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Ospreycam Story
Ospreys in Oregon and the Pacific Northwest [PDF]
Osprey Information [Cornell Bird Guide]
Fish and Chicks...The Story of the Maurice River Osprey
Osprey Fact Sheet [Hinterland Who's Who]
Osprey Infomation [Royal Society for the Protection of Birds]

OSPREY
OspreyUpdate Mid-July 2013
In early July the lower osprey camera was hit by a fecal deposit from one or more of the young. birds  We apologize for the foggy images and have recently switched to a higher–placed alternative camera set.  Soon the osprey will be free of the nest and stay in the area briefly before flying south to Mexico or Central America for the winter season


 

Osprey, Pandion haliaetus, also commonly called the fish hawk is the only species in the family Pandionidae.

Identification
Body color is dark brown above and white below. Head, white except for a brown stripe from the eye to the back of the head. The tail has medium-sized, alternating, dark brown and white bands. The female Osprey had a ring of brown spots around her neck. The Osprey in flight could be misidentified as a large gull or even a Bald Eagle. The Osprey's wings are broader and the wing tips are not as pointed as a gull's. The Bald Eagle has broader wings and a larger wingspan. While in flight, large dark patches at the birds' "wrist" and crooked wings help distinguish this bird from other species.

Size
56-64 cm (22-25 in) length; 147-183 cm (58-72 in) wingspan. Though there is overlap between the sexes, females on average are slightly larger.

Range
The Osprey is one of the world's most widespread birds, occurring on all continents except Antarctica and many islands. Originally, it nested widely across North America, but contamination with the pesticide DDT led to population decrease and range reduction. The North American Osprey is a migratory bird. Osprey winter primarily in Latin America and the Caribbean basin, with concentrations in northern South America.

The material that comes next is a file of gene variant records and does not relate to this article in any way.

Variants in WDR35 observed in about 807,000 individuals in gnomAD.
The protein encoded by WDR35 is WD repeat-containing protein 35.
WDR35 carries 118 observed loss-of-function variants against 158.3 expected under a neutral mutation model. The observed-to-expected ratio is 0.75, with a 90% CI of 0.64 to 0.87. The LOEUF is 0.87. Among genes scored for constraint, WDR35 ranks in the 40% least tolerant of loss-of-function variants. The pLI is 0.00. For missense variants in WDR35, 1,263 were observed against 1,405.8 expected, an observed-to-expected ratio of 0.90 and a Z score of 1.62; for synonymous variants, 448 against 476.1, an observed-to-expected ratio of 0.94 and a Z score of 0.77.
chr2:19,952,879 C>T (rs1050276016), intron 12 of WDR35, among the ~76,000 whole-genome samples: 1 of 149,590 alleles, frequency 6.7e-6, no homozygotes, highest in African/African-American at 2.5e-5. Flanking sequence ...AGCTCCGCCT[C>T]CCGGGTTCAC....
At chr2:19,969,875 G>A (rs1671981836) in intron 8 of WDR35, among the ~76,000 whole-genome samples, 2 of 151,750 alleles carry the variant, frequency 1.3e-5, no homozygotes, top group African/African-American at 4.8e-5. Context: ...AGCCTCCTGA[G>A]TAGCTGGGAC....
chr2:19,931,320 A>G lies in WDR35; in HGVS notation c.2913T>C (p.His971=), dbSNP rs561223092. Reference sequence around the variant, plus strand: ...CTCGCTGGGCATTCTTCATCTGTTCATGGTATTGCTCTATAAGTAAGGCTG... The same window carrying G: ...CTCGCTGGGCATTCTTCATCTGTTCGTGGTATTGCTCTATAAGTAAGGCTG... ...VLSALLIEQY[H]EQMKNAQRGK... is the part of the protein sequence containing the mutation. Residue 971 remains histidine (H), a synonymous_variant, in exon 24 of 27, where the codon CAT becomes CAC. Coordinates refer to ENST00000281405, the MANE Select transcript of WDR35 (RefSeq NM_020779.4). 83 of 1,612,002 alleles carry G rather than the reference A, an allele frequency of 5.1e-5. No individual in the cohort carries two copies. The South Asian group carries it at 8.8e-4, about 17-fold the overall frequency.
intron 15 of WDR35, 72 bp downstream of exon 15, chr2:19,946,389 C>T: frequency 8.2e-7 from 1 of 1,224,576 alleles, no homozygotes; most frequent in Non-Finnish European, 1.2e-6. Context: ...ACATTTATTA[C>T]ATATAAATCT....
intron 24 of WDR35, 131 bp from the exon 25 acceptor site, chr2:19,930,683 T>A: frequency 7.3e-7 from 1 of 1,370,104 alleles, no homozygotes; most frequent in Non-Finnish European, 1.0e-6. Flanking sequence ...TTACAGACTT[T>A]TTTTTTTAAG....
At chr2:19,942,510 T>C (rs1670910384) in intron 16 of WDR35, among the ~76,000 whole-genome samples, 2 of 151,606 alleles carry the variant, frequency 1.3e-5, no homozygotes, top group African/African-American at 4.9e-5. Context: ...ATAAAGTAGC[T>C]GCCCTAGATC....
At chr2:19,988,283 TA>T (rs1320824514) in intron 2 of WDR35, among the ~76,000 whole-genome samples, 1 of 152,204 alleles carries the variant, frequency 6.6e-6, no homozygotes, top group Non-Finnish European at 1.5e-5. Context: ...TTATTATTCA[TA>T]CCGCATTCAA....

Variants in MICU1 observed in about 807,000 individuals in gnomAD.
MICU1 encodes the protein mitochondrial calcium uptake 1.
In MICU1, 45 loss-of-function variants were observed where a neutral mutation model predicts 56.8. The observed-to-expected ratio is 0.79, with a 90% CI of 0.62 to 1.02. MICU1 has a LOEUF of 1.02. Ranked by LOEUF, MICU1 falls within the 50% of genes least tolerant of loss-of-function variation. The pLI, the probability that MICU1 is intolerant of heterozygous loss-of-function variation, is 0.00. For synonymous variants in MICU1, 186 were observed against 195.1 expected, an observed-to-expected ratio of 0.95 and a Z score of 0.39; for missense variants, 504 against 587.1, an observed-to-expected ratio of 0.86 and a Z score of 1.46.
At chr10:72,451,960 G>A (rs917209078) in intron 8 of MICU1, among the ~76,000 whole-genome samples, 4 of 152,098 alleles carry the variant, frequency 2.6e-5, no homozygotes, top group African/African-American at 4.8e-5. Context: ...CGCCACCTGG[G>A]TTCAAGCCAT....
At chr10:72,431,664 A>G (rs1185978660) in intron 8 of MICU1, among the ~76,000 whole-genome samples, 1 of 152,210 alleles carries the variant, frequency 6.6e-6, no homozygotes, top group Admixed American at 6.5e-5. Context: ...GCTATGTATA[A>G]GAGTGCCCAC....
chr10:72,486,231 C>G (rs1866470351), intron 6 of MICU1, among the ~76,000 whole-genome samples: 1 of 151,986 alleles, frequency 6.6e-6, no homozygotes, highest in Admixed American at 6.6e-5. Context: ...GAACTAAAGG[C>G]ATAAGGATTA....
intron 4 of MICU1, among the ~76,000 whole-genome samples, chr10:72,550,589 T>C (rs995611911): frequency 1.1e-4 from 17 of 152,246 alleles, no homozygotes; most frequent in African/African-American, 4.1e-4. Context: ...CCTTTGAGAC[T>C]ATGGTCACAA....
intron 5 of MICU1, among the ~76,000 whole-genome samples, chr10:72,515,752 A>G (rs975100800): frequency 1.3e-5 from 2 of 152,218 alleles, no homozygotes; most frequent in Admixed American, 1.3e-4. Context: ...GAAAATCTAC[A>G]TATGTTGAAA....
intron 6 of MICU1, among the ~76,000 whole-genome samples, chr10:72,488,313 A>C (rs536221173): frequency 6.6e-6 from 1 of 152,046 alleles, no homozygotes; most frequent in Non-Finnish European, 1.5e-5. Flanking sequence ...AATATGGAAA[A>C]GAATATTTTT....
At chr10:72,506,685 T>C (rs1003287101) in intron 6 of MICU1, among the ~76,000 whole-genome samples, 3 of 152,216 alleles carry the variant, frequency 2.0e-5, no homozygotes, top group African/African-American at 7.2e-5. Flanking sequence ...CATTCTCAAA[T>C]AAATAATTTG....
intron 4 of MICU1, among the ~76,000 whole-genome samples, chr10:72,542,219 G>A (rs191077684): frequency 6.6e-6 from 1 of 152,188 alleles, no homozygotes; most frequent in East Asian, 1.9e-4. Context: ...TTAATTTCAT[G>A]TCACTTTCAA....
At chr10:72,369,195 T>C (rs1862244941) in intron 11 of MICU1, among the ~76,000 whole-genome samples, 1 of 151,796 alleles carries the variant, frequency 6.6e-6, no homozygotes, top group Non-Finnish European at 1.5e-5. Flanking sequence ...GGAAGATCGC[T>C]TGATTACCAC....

Reproduction and nest
The large bulky nest is built by both the male and female nest and may be reused for many years. Branches, sticks, twigs, and many unusual materials such as rope, bones, plastic bags, and other debris, are used in the nest construction. The nest is built on the top of large snags, conifers, cliffs, rocky outcrops, bridges, power-poles and on artificial nesting platforms. New materials are added each year; so older nests may weigh hundreds of pounds and be several feet tall. Ospreys often have back-up nests and may shift back and forth from year to year. The female lays 3 eggs. The female incubates the eggs for approximately 33 days. The male bird may also assist with incubation. The male feeds the female while she is on the nest. For approximately 40 days, the female remains on or near the nest, caring for the young. The male brings food to the female during this time as well, which she feeds to the young. The adults care for the young for 48-59 days. Usually only one or two young fledge successfully.

Natural history
The Osprey is rarely seen far from water, except during migration. It eats primarily fish but on occasion has been known to eat snakes, amphibians, and smaller vertebrates. It generally soars over the water searching for prey. When the prey is located, it dives and strikes it with its talons. Instances are known of Ospreys diving on fish too large for them, getting their talons stuck in the fish's flesh, and being dragged under the water and drowned.



Related Links
Animal Diversity Web - University of Michigan
Maurice River - Osprey Colony Project
Birds of Nova Scotia - Osprey Fact Sheet
People for Puget Sound
 
To explore places to find birds in Washington - Great Washington Birding Trail
 
Other Osprey Cams

Friends of Blackwater

Osprey Watch - BBCi